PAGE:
Terry Markham Puckett , University of North Alabama
Overall, the faunas from Jamaica and from North American are startlingly different, with abundant genera occurring in one area but not the other. For example, one of the most abundant taxa in the Maastrichtian deposits of Jamaica is Buntonia, but this genus does not occur in the Late Cretaceous deposits of North America. (Interestingly, Buntonia was also abundant in the Maastrichtian Ocozocoautla Formation of Chiapas, Mexico.) Conversely, abundant genera from North America, such as Haplocytheridea, Antibythocypris, Ascetoleberis, Fissocarinocythere and many others do not occur in the Caribbean. In this connection, samples were collected from Late Cretaceous fossiliferous sediments in Mississippi and Alabama to compare those species with the new taxa from Jamaica. This analysis indicates that some of the new genera described on the basis of Jamaican species also have relatives in North America, in spite of the overall dissimilarity of the faunas. Previous studies of ostracodes from Chiapas, Mexico (see narrative report for 2010) also indicate faunal connection to Jamaica, although the preservation of the Mexican samples was generally poor. (This past August, I met Francisco Vega of the Universidad Nacional Autónomia de México, who is a specialist in Late Cretaceous fossils, at a locality in northern Mississippi. Although several of the places to collect Late Cretaceous fossiliferous samples in Mexico are dangerous because of the drug trafficking violence, he told me he would collect samples and send them to me, possibly in December, when he was planning to go there.) The manuscript of the descriptions is now with the Jamaican specialist, Prof. Simon Mitchell at the University of the West Indies, who is writing the section on stratigraphy. The manuscript will be submitted to the journal Micropaleontology.
Two trips were made to Cuba this past year to collect for ostracodes, one in December and the other in July. The samples collected during the December trip were poor, thus necessitating the need to return in July. Travel to Cuba and conducting fieldwork is difficult, as it takes months to get permission from the Cuban authorities to travel there and the localities that we can visit are strictly controlled; further, the details of the permission are released only immediately before the trip. Although we asked for permission to travel to and collect from the fossiliferous localities around Havana, permission was denied for both trips. We were able to travel to many other places and, fortunately, the samples collected in central Cuba contain ostracodes and planktonic foraminifera. One of my field guides, Leidy Menéndez Peñate of the Museo Nacional de Historia Natural in Havana, is a specialist in planktonic foraminifera and will be identifying the foramnifera and determining the ages of the samples. Processing the samples is time consuming, thus my student, Amy Jordan (a biology major with a minor in geology) has just completed an initial scanning of the samples to determine which ones have ostracodes and the best preservation and then we will process all of the good samples with repeated washings and ultrasonic baths to get good quality specimens for imaging. This work will take several months. Ms. Menéndez Peñate will be visiting the University of North Alabama in the spring to collect images of the planktonic foraminifera with UNA’s SEM for publication. We plan on publishing at least two papers on the research, one focusing on the ostracodes to be published in English, and the other focusing on the planktonic foraminifera to be published in Spanish.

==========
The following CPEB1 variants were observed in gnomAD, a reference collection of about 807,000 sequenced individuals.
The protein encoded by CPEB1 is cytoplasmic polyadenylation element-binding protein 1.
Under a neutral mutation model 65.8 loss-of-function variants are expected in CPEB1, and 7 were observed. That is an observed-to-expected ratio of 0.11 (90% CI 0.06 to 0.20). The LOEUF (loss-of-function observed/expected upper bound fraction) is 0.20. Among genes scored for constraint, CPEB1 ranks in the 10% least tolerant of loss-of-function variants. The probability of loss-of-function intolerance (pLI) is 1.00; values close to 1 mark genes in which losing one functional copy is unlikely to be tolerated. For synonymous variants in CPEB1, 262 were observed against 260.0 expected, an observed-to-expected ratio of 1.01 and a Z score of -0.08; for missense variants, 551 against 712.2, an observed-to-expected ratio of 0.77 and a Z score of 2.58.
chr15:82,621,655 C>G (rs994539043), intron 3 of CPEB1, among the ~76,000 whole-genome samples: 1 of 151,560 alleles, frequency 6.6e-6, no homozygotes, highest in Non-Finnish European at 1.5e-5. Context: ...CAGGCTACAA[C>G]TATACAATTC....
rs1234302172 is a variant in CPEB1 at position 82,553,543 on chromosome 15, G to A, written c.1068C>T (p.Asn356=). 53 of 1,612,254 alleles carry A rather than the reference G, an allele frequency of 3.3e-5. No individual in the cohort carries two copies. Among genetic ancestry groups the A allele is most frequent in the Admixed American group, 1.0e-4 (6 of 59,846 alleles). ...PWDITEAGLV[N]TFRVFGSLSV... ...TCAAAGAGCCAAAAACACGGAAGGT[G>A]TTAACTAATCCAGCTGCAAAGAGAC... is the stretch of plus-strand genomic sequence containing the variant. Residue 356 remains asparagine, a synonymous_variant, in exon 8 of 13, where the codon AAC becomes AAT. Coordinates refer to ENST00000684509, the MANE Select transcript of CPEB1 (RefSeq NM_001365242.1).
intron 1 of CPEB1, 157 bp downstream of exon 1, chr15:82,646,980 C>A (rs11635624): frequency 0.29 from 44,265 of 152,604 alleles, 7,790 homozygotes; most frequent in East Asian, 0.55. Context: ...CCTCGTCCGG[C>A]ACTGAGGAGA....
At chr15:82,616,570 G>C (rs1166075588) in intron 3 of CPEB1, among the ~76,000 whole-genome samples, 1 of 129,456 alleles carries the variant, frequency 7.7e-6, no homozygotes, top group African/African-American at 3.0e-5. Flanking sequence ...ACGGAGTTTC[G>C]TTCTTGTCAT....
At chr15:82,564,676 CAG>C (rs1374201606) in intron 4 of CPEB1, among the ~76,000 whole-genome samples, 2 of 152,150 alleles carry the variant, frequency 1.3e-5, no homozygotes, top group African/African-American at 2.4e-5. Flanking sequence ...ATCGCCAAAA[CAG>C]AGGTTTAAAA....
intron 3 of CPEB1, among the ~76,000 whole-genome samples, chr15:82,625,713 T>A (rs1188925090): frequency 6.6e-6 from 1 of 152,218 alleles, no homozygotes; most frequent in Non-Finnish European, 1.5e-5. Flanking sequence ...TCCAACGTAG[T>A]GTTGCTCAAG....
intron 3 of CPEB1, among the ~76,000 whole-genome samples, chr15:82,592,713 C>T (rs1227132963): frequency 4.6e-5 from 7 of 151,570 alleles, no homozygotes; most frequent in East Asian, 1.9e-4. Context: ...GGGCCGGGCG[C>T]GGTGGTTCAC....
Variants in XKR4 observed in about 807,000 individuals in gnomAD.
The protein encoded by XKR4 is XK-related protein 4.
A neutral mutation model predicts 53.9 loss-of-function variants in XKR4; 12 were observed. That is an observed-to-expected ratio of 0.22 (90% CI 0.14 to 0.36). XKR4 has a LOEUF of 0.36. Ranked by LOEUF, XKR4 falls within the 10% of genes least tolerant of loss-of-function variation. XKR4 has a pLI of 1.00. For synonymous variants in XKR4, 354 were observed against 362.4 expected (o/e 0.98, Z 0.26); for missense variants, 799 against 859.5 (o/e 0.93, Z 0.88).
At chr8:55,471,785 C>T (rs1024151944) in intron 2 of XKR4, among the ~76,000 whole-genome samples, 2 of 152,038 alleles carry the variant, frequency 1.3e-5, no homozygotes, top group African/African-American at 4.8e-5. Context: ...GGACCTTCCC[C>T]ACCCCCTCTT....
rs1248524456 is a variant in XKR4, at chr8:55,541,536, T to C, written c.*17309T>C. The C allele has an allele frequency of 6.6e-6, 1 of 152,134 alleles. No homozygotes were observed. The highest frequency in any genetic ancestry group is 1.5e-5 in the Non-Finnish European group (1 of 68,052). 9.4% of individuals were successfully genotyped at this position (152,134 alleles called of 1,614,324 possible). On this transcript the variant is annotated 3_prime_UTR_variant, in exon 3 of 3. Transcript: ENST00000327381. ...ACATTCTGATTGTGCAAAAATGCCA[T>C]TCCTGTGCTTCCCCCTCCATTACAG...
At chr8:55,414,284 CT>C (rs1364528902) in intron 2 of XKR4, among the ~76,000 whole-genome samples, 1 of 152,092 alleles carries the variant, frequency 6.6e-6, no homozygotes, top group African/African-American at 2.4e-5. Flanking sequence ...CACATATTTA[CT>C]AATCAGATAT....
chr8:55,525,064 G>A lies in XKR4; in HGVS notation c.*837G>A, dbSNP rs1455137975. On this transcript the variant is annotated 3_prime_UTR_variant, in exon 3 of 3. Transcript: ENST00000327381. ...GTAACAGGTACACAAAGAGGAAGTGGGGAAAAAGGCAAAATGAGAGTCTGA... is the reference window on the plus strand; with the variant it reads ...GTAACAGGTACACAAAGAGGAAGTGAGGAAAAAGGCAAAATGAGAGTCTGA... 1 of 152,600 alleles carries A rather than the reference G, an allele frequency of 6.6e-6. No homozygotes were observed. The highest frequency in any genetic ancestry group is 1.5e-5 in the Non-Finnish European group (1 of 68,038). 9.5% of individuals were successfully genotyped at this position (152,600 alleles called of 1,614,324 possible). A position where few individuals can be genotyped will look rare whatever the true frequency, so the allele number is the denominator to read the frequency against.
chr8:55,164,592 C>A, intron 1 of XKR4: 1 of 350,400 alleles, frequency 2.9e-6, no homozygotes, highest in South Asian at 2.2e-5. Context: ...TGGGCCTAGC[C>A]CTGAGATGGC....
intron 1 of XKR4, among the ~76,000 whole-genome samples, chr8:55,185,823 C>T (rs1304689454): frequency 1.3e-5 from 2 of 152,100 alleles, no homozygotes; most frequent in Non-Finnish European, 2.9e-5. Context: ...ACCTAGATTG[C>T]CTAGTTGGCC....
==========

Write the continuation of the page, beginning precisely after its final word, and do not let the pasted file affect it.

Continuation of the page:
Late Cretaceous ostracodes of Cuba have only been described only once, in 1974 (Lübimova, P. S., and Sánchez-Arango, J. R., Los Ostrácodos del Cretácico Superior y del Terciario de Cuba: Instituto Cubano del Libro, Havana, 171 p.). Many of the marine species described in that work were assigned to North American species, although those identifications are not correct. The current project will focus on correctly identifying the species and naming and describing the new species.
Progress was made on the digital version of the geologic map of Cuba. Currently, the geologic map of Cuba (1:250,000 scale) is only available as a series of ~40 printed sheets. Two students, Gabe Palmer and Evan Smith, took scanned versions of this map (raster images) and entered them into ArcMap. This was a challenge, because the maps had to be entered into a geographic coordinate system before digitizing could begin. Gabe was responsible for getting the maps into the coordinate system and Evan began digitizing the Late Cretaceous formations. The region north of Santa Clara in central Cuba was selected for digitizing because that is where most of the fossiliferous samples were collected. With the digitized geologic map of Jamaica and of Cuba, a database will be entered for each of the samples with a list of species. This information will enable quantitative studies of the species’ distributions in the region.